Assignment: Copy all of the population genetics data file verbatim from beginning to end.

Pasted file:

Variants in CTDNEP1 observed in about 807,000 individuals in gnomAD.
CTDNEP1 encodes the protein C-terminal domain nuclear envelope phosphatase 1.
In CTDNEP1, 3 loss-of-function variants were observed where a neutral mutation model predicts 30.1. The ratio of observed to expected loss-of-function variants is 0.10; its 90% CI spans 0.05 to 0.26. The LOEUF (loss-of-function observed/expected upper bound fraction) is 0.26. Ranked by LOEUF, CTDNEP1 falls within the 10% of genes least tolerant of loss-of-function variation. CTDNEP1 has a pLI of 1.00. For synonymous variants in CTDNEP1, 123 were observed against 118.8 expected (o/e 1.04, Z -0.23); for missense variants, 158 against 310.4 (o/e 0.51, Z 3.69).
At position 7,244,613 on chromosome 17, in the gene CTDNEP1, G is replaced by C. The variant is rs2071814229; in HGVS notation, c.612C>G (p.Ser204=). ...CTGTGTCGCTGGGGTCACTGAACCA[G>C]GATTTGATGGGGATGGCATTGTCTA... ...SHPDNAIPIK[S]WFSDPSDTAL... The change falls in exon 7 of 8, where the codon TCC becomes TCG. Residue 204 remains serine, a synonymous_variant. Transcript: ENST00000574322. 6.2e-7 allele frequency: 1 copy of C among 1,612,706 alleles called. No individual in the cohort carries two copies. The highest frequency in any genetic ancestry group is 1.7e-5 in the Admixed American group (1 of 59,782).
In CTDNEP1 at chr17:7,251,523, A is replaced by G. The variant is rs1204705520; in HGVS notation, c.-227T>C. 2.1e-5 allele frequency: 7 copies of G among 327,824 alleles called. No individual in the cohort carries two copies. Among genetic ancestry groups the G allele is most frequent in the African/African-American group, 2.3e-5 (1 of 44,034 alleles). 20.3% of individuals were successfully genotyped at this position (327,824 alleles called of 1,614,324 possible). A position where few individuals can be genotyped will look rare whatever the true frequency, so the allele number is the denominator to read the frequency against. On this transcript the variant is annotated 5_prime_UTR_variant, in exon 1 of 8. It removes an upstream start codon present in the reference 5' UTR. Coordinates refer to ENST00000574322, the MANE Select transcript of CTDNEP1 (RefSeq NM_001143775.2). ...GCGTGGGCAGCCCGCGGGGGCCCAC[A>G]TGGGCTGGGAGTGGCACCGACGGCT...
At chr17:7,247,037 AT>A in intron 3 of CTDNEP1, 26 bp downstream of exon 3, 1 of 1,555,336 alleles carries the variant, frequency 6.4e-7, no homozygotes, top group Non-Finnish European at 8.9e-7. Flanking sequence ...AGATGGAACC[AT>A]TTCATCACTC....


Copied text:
Variants in CTDNEP1 observed in about 807,000 individuals in gnomAD.
CTDNEP1 encodes the protein C-terminal domain nuclear envelope phosphatase 1.
In CTDNEP1, 3 loss-of-function variants were observed where a neutral mutation model predicts 30.1. The ratio of observed to expected loss-of-function variants is 0.10; its 90% CI spans 0.05 to 0.26. The LOEUF (loss-of-function observed/expected upper bound fraction) is 0.26. Ranked by LOEUF, CTDNEP1 falls within the 10% of genes least tolerant of loss-of-function variation. CTDNEP1 has a pLI of 1.00. For synonymous variants in CTDNEP1, 123 were observed against 118.8 expected (o/e 1.04, Z -0.23); for missense variants, 158 against 310.4 (o/e 0.51, Z 3.69).
At position 7,244,613 on chromosome 17, in the gene CTDNEP1, G is replaced by C. The variant is rs2071814229; in HGVS notation, c.612C>G (p.Ser204=). ...CTGTGTCGCTGGGGTCACTGAACCA[G>C]GATTTGATGGGGATGGCATTGTCTA... ...SHPDNAIPIK[S]WFSDPSDTAL... The change falls in exon 7 of 8, where the codon TCC becomes TCG. Residue 204 remains serine, a synonymous_variant. Transcript: ENST00000574322. 6.2e-7 allele frequency: 1 copy of C among 1,612,706 alleles called. No individual in the cohort carries two copies. The highest frequency in any genetic ancestry group is 1.7e-5 in the Admixed American group (1 of 59,782).
In CTDNEP1 at chr17:7,251,523, A is replaced by G. The variant is rs1204705520; in HGVS notation, c.-227T>C. 2.1e-5 allele frequency: 7 copies of G among 327,824 alleles called. No individual in the cohort carries two copies. Among genetic ancestry groups the G allele is most frequent in the African/African-American group, 2.3e-5 (1 of 44,034 alleles). 20.3% of individuals were successfully genotyped at this position (327,824 alleles called of 1,614,324 possible). A position where few individuals can be genotyped will look rare whatever the true frequency, so the allele number is the denominator to read the frequency against. On this transcript the variant is annotated 5_prime_UTR_variant, in exon 1 of 8. It removes an upstream start codon present in the reference 5' UTR. Coordinates refer to ENST00000574322, the MANE Select transcript of CTDNEP1 (RefSeq NM_001143775.2). ...GCGTGGGCAGCCCGCGGGGGCCCAC[A>G]TGGGCTGGGAGTGGCACCGACGGCT...
At chr17:7,247,037 AT>A in intron 3 of CTDNEP1, 26 bp downstream of exon 3, 1 of 1,555,336 alleles carries the variant, frequency 6.4e-7, no homozygotes, top group Non-Finnish European at 8.9e-7. Flanking sequence ...AGATGGAACC[AT>A]TTCATCACTC....